I see Zinzi’s commitment to Fi Dem – for them, to them, to extending this growing body of work – as performing what Christina Sharpe refers to as “wake work”; a dedicated and attentive “ethics of care (as in repair, maintenance, attention), an ethics of seeing, and of being in the wake as consciousness”. The acts of care in Fi Dem push back against creative works as singular, static, or complete. The series is open-ended. It carries a temporal and personal investment. There’s a promise of more to come. The DJ / ‘toaster’ speaks over the track: “Pull-up, Wheel up, Run it…”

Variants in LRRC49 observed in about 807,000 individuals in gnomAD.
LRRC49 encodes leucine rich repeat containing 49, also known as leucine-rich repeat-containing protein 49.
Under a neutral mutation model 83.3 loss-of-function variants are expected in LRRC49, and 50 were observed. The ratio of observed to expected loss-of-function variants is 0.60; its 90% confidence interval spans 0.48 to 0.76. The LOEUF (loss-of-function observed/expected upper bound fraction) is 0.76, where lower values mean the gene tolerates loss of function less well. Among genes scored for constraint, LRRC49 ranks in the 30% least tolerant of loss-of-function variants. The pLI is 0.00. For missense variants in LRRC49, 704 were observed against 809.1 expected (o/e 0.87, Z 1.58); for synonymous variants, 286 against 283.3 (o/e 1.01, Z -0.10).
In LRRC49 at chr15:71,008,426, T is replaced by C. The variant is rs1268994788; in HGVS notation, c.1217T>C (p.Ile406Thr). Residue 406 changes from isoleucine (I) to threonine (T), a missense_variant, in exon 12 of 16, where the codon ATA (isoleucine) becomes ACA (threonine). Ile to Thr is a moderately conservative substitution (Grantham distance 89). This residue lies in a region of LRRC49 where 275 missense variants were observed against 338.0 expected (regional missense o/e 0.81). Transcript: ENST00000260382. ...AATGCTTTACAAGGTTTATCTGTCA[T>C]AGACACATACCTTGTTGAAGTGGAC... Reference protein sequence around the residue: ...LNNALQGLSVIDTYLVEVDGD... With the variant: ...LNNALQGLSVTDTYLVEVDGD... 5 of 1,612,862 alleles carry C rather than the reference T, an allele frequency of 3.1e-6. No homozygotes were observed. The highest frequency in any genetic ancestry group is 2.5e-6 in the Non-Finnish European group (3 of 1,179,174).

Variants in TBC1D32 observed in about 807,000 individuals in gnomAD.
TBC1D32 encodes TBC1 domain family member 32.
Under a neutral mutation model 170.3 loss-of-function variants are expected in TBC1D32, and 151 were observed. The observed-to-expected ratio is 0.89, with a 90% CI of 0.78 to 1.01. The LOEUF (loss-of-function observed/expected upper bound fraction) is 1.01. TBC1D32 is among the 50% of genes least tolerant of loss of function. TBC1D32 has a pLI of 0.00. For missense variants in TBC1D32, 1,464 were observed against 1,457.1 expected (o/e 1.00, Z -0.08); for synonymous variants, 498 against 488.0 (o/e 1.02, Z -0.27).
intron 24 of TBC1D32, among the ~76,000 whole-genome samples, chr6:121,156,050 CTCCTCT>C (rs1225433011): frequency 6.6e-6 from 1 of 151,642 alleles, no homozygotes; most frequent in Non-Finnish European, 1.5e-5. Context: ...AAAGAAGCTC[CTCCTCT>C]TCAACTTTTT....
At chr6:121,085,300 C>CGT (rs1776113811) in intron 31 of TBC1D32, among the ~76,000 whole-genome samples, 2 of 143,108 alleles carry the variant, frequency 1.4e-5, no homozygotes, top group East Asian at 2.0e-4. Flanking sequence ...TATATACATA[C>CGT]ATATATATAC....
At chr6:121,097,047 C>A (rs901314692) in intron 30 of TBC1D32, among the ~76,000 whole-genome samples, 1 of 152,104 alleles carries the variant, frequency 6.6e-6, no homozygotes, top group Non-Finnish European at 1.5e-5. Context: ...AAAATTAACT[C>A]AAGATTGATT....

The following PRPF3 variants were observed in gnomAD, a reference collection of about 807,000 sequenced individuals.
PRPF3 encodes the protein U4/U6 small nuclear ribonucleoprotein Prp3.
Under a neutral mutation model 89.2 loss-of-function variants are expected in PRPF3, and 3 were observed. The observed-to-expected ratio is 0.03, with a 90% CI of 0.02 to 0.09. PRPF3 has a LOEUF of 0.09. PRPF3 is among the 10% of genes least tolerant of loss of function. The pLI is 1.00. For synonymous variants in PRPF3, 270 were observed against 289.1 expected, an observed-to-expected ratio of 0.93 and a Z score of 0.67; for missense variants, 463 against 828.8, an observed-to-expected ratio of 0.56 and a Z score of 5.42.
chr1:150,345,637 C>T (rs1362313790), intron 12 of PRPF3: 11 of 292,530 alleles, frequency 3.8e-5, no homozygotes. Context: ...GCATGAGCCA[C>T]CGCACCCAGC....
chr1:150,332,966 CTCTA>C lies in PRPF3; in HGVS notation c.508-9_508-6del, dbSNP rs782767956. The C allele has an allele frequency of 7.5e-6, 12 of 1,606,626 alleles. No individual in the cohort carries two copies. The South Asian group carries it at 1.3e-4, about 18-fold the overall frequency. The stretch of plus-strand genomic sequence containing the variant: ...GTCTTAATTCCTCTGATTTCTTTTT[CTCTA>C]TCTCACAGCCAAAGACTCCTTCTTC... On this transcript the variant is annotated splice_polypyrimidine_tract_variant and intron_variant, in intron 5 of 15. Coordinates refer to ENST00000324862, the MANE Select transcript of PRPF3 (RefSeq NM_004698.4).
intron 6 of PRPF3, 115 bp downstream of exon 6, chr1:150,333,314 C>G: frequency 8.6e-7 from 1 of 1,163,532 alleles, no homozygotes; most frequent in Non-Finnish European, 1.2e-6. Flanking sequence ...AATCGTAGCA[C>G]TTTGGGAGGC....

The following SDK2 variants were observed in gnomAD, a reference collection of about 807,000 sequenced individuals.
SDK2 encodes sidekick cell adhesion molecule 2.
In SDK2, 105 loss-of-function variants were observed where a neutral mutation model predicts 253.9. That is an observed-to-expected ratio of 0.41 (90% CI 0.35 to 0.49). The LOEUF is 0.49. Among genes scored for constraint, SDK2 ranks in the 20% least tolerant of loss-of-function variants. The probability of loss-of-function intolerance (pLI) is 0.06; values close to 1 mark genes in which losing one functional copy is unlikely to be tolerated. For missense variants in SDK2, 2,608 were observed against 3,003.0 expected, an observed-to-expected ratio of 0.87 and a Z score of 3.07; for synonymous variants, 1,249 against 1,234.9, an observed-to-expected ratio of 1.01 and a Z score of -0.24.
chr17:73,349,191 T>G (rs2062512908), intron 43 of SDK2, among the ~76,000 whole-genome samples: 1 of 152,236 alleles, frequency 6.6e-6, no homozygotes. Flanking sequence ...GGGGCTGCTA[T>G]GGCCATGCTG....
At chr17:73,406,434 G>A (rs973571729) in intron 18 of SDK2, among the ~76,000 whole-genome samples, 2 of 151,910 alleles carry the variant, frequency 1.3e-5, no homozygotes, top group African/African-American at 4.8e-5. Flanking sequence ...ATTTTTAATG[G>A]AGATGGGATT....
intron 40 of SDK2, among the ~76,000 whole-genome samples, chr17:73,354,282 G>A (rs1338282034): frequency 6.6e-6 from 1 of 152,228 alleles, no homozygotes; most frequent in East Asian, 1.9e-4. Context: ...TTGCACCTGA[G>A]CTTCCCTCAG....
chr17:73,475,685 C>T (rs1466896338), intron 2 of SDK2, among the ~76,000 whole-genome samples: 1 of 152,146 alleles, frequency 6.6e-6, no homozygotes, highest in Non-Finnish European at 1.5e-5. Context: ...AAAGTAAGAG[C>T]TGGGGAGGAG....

Alexis Pauline Gumbs, Dub Finding Ceremony, Duke University Press, 2020

Legacy Russell, Glitch Feminism: A Manifesto, Verso, 2020

Sondra Perry, Typhoon Coming on, Serpentine Galleries, 2018

NourbeSe Philip, Setaey Adamu Boateng, Zong!: As Told to the Author by Setaey Adamu Boateng, Wesleyan University Press, 2008

Patricia J. Saunders, Fugitive Dreams of Diaspora: Conversations with Saidiya Hartman, Anthurium: A Caribbean Studies, Journal: Vol. 6 : Iss. 1 , Article 7. 2008

Christina Sharpe, In the Wake: On Blackness and Being, Duke University Press, 2016